OpenDemocracy have just run ‘Putin’s incredible shrinking circle,’ a short commentary of mine on the meaning and context of Sergei Ivanov’s departure as head of the powerful Presidential Administration. Ivanov was one of the few people to which Putin still seemed to listen and who was willing and able to push his own ideas. Often, sadly, they were hawkish and conspiratorial ones, to be true. It will be interesting to see if his successor, Anton Vaino, is willing or able to stop so much nonsense reaching Putin’s desk, something that inevitably coloured policy and exacerbated his already-inflated belief in a hostile world trying to do Russia and him personally down. The trouble is that the machine is now used to operating that way: will Vaino find it easier to go with the flow, or indeed not have the muscle to do anything about it? We’ll see.
One specific point I would make is about the manner of Ivanov’s going. I see it as rustication with respect. Yes, he is being taken conclusively out of the running as a potential successor, but with honour. It would be hard to see the 63-year-old Ivanov being able to use his position as presidential plenipotentiary for transport and the environment as the basis for any intrigue against Putin, even if minded to do so. For all that, though, this is not disgrace. His new position is something of a sinecure, but both important (transport is a crucial portfolio in Russia) and suited to his interests (Ivanov’s commitment to the environment is genuine). It is a position that lends itself to agreeable jaunts around the country and, if he is minded, opportunities to pocket some handsome bribes to make retirement more comfortable. Meanwhile, he is kept on the Security Council, a special dispensation that is not only keeping him at the heart of the state (the council is not really a decision-making body but it gives him access to key discussions and papers), but also a sign of respect.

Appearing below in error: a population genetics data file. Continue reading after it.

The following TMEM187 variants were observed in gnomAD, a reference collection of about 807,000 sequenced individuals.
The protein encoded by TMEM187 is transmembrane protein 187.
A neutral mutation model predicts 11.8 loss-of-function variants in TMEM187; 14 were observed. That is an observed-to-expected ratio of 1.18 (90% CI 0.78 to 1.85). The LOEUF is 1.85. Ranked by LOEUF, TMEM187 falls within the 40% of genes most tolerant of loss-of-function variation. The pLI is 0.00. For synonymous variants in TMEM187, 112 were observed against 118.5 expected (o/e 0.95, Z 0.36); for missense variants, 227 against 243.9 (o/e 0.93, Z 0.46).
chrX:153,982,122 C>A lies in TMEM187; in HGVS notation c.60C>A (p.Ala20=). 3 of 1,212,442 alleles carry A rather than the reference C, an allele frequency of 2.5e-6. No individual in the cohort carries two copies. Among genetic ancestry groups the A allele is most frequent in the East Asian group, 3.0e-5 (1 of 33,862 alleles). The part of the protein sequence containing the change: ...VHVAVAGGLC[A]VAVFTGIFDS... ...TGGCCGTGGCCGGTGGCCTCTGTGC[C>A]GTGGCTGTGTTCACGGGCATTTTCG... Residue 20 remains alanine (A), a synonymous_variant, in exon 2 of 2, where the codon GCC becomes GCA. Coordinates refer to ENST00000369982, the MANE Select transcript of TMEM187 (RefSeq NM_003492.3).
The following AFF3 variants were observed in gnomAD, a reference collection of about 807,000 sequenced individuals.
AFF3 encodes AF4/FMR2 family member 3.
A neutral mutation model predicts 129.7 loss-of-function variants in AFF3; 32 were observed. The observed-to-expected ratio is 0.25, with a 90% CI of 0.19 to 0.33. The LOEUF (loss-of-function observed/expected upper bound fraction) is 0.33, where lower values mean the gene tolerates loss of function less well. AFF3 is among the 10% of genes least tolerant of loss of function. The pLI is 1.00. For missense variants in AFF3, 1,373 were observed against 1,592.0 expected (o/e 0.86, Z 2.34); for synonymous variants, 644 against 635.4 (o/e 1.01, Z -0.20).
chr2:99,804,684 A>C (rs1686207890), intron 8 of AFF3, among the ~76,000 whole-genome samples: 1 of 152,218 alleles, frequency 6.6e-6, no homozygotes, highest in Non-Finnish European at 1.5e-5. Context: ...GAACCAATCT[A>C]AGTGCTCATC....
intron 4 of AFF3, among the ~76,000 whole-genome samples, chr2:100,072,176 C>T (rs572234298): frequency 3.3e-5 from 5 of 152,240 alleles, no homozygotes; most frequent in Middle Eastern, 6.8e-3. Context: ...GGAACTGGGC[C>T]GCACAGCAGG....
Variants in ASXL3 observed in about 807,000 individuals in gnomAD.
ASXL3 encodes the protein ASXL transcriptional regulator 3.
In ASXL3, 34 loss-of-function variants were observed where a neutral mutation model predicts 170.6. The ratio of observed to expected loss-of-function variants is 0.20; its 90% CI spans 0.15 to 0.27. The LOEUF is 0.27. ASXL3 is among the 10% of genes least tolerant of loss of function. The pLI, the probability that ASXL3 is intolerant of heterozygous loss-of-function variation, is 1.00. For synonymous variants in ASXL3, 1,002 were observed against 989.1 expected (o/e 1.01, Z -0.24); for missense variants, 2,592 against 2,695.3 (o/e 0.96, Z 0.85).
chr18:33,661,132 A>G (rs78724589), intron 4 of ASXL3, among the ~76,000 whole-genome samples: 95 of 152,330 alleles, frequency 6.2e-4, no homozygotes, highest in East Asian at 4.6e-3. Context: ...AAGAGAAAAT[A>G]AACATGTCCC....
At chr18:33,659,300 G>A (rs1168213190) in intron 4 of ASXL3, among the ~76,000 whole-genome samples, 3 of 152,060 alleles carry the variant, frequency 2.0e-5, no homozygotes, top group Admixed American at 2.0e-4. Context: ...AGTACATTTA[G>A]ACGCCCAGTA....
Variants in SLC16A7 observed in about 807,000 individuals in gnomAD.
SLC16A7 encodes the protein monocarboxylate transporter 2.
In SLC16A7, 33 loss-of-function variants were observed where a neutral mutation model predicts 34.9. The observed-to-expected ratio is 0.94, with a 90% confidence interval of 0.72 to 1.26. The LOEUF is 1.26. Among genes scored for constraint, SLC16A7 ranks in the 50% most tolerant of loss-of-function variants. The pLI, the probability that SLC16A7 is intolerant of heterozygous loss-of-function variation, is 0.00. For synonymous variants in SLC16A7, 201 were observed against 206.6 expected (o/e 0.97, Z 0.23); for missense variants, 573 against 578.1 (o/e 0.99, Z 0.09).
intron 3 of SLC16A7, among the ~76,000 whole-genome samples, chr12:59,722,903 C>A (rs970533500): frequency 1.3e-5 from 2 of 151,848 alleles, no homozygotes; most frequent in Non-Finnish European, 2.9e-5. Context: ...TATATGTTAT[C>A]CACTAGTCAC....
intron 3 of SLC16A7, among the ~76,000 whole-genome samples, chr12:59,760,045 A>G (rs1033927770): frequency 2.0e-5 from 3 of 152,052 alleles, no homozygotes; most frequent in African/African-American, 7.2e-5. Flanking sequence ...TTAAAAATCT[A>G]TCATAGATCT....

So what? If one looks at four sometimes-former Putin cronies who have left the scene, we see a variety of trajectories. Vladimir Yakunin of Russian Railways, offered a not-very-important legislator’s position, and when he declined allowed to spend more time with his money. Viktor Ivanov of the FSKN drug service, ignominiously left high and dry when his service was rolled into the MVD. Customs chief Andrei Belyaninov, sacked and under investigation. Sergei Ivanov, given a handsome sendoff and a reasonably significant role. Can one draw any conclusions?
Viktor Ivanov and Andrei Belyaninov had a professional connection with Putin but were not really close. He turned to them because he knew them, but essentially they were servants, not allies. They were thus wholly dispensable when no longer useful.
Yakunin and Sergei Ivanov, on the other hand, had a real personal relationship with Putin. Yakunin may have flounced a little when he turned down a position on the Federation Council, but he and Ivanov nonetheless realised that when it was time to go, you accept it and demonstrate continued loyalty to the boss.
The moral of the story is that Putin is actually a pretty poor patron, or at least a wholly pragmatic one. So long as you are loyal and useful, you can get away with (sometimes literally) murder. However — unless you have that personal bond — as soon as that changes, you’re out and quite possibly under investigation or in disgrace.
At the moment, Putin appears to be carrying out a general rotation and renewal of the senior cadres of the Russian state, in some cases presumably as auditions for even more important positions in his next presidential term. He may know them, as bodyguards and bagmen, bringers of papers and bearers of umbrellas, but they are servants and not confidantes. It can hardly have escaped their notice just how ruthless the boss can be with their below-stairs sort. And ultimately, if Putin is not will to show loyalty to them, can he really count on loyalty from them?